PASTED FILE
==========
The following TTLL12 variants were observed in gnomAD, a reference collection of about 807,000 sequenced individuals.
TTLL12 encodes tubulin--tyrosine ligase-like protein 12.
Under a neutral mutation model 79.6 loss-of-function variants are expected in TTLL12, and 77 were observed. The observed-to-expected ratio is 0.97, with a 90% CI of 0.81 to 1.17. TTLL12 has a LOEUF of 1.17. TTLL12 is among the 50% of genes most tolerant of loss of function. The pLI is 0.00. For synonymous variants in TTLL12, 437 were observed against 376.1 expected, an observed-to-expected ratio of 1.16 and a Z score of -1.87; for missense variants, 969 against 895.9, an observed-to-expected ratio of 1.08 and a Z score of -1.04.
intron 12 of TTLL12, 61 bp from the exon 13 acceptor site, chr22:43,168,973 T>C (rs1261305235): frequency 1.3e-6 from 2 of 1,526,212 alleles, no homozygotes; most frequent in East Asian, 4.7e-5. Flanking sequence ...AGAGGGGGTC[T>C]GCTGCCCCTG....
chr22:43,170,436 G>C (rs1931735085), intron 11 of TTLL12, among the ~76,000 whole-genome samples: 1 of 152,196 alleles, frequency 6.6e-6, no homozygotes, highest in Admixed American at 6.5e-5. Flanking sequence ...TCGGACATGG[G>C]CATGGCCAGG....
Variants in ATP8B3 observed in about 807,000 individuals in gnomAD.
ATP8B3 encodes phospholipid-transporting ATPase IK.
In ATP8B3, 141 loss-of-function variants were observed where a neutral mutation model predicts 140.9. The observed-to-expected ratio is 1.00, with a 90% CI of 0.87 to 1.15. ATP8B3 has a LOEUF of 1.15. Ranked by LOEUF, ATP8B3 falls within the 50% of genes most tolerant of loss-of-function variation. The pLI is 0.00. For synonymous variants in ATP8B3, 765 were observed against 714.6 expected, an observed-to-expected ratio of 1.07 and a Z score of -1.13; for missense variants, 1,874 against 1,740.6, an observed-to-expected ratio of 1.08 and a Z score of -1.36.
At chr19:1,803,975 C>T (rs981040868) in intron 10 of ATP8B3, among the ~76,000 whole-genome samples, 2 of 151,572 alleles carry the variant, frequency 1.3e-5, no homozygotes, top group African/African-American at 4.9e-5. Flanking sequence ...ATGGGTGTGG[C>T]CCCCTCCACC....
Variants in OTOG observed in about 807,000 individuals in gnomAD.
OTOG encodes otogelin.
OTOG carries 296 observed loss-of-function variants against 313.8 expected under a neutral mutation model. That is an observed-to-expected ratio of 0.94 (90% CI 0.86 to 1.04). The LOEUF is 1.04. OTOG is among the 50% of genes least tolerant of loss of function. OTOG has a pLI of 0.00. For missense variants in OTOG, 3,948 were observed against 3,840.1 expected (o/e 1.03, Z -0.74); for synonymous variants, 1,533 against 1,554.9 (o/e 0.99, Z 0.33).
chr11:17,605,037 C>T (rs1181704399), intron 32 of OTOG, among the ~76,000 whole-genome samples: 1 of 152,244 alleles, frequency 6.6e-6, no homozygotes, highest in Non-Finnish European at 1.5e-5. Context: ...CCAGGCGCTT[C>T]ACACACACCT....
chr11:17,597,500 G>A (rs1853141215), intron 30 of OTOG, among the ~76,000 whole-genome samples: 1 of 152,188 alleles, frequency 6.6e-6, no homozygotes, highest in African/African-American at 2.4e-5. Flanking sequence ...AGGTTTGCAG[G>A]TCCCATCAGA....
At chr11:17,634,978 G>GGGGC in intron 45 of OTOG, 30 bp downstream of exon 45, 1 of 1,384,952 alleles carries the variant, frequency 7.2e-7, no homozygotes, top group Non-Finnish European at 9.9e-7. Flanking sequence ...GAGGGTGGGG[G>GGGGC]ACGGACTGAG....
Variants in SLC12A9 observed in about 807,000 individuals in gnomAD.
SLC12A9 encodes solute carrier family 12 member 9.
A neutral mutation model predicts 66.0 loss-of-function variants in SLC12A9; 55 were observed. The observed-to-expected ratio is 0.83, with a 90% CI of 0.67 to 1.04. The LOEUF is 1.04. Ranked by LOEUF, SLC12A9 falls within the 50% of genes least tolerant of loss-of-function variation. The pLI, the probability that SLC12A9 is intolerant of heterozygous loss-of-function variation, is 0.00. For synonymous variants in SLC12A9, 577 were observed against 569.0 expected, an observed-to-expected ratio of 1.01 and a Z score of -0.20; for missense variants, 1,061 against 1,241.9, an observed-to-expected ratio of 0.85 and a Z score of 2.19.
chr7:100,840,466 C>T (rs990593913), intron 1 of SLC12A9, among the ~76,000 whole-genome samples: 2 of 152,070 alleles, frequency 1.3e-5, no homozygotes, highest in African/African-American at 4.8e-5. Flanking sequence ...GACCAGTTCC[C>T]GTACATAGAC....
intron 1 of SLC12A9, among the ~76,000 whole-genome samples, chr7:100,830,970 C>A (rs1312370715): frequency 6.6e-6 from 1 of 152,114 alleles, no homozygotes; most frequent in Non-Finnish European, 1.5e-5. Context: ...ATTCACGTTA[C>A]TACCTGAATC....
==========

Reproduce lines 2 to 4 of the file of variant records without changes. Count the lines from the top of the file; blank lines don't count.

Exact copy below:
TTLL12 encodes tubulin--tyrosine ligase-like protein 12.
Under a neutral mutation model 79.6 loss-of-function variants are expected in TTLL12, and 77 were observed. The observed-to-expected ratio is 0.97, with a 90% CI of 0.81 to 1.17. TTLL12 has a LOEUF of 1.17. TTLL12 is among the 50% of genes most tolerant of loss of function. The pLI is 0.00. For synonymous variants in TTLL12, 437 were observed against 376.1 expected, an observed-to-expected ratio of 1.16 and a Z score of -1.87; for missense variants, 969 against 895.9, an observed-to-expected ratio of 1.08 and a Z score of -1.04.
intron 12 of TTLL12, 61 bp from the exon 13 acceptor site, chr22:43,168,973 T>C (rs1261305235): frequency 1.3e-6 from 2 of 1,526,212 alleles, no homozygotes; most frequent in East Asian, 4.7e-5. Flanking sequence ...AGAGGGGGTC[T>C]GCTGCCCCTG....